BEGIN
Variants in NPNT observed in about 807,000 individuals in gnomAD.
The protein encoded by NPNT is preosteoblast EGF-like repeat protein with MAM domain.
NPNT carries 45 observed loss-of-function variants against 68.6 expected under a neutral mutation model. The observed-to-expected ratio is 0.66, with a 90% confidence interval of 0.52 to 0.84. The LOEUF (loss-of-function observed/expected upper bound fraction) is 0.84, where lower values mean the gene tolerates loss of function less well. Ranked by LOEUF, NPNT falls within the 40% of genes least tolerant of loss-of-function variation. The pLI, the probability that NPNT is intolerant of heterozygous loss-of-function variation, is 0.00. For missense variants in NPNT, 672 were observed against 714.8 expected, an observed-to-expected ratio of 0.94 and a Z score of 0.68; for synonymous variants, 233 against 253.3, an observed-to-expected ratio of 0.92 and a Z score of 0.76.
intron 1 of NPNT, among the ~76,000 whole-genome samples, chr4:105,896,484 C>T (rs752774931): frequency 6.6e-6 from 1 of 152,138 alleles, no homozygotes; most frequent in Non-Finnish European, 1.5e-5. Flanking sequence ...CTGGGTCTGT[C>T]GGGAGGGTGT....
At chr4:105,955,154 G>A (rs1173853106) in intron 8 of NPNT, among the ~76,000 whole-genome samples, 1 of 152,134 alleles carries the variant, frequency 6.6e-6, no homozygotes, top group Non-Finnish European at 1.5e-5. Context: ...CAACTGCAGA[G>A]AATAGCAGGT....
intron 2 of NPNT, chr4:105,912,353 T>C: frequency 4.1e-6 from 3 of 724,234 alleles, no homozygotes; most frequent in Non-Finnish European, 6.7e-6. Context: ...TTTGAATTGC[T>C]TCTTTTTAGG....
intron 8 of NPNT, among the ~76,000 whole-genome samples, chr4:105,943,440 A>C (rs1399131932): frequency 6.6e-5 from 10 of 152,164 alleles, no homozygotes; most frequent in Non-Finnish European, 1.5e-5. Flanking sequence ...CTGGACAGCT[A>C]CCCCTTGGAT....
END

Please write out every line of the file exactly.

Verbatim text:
Variants in NPNT observed in about 807,000 individuals in gnomAD.
The protein encoded by NPNT is preosteoblast EGF-like repeat protein with MAM domain.
NPNT carries 45 observed loss-of-function variants against 68.6 expected under a neutral mutation model. The observed-to-expected ratio is 0.66, with a 90% confidence interval of 0.52 to 0.84. The LOEUF (loss-of-function observed/expected upper bound fraction) is 0.84, where lower values mean the gene tolerates loss of function less well. Ranked by LOEUF, NPNT falls within the 40% of genes least tolerant of loss-of-function variation. The pLI, the probability that NPNT is intolerant of heterozygous loss-of-function variation, is 0.00. For missense variants in NPNT, 672 were observed against 714.8 expected, an observed-to-expected ratio of 0.94 and a Z score of 0.68; for synonymous variants, 233 against 253.3, an observed-to-expected ratio of 0.92 and a Z score of 0.76.
intron 1 of NPNT, among the ~76,000 whole-genome samples, chr4:105,896,484 C>T (rs752774931): frequency 6.6e-6 from 1 of 152,138 alleles, no homozygotes; most frequent in Non-Finnish European, 1.5e-5. Flanking sequence ...CTGGGTCTGT[C>T]GGGAGGGTGT....
At chr4:105,955,154 G>A (rs1173853106) in intron 8 of NPNT, among the ~76,000 whole-genome samples, 1 of 152,134 alleles carries the variant, frequency 6.6e-6, no homozygotes, top group Non-Finnish European at 1.5e-5. Context: ...CAACTGCAGA[G>A]AATAGCAGGT....
intron 2 of NPNT, chr4:105,912,353 T>C: frequency 4.1e-6 from 3 of 724,234 alleles, no homozygotes; most frequent in Non-Finnish European, 6.7e-6. Context: ...TTTGAATTGC[T>C]TCTTTTTAGG....
intron 8 of NPNT, among the ~76,000 whole-genome samples, chr4:105,943,440 A>C (rs1399131932): frequency 6.6e-5 from 10 of 152,164 alleles, no homozygotes; most frequent in Non-Finnish European, 1.5e-5. Flanking sequence ...CTGGACAGCT[A>C]CCCCTTGGAT....